“We learned CPR at the nursing session, and experienced nursing simulators with a combination of scripts and AI that allow the sims to talk and interact.”
Patel’s trip to Kamloops was his first time on a plane alone and his first extended time away from family. He says attending sessions in various lecture halls and labs gives him a taste of what life on his own would be like. “The community here is great, it’s inclusive. There’s a lot to do on campus, lots of places to chill and enjoy.”
Mojovdi is interested in a marketing degree, but has enjoyed hearing new ways his skills in math fit into STEAM. He is keeping his options open, although he was intimidated going into the robot coding session.
“Prior to that session I had no knowledge of coding, and on leaving I felt pretty confident because I got the car thing to move. It makes coding less scary once you have the basics.”
Wright, who plans to go into computer science, enjoyed the coding sessions and levelled up her skills by programming her robot to write “SHAD.” But serious work is ahead for her team’s DE challenge problem, focusing on accessibility in the built world.
Each team has chosen a real-world problem for which they must design a solution to pitch, with entrepreneurship coaching from Venture Kamloops.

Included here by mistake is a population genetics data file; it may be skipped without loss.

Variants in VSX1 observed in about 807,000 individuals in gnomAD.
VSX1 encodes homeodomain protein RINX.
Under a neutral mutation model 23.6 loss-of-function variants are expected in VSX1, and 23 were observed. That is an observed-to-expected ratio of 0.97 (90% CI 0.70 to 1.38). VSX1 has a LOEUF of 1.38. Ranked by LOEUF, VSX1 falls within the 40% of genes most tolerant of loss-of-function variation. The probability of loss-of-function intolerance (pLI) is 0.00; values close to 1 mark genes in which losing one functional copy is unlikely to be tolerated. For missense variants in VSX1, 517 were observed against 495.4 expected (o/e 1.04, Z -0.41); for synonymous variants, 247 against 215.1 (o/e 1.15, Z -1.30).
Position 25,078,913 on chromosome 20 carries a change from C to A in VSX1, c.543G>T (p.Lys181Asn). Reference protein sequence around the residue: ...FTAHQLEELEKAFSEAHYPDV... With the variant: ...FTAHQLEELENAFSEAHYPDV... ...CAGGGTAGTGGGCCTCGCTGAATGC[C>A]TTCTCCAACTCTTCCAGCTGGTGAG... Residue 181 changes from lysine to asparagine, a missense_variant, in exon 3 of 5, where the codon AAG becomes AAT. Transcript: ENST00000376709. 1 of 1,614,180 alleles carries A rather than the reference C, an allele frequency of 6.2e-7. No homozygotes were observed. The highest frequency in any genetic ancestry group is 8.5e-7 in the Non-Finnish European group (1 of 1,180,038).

“Accessibility really shouldn’t be an issue but we noticed in our research it cropped up frequently. People should have access to everything regardless of disability,” she says. “We did mind maps of all three challenge prompts, and disabled people as a community came up in all three.”
Shad creates connections
Patel’s team is examining food insecurity in low-income households of Calgary. A day of volunteering in week three brought the challenge to life with a visit to Butler Urban Farm, which distributes its produce to community organizations that serve food-insecure populations. The team aims to develop supports for vertical farming.
Dickinson hopes to see some of this summer’s students back on the TRU campus as undergrad students. Regardless of where the future takes them, a part of their experience in Kamloops will stay with them.
“These students will be the leaders in Canada’s future. I feel very honoured to have connected with them and introduced them to Kamloops,” he says. “The relationships they form here will last a lifetime.”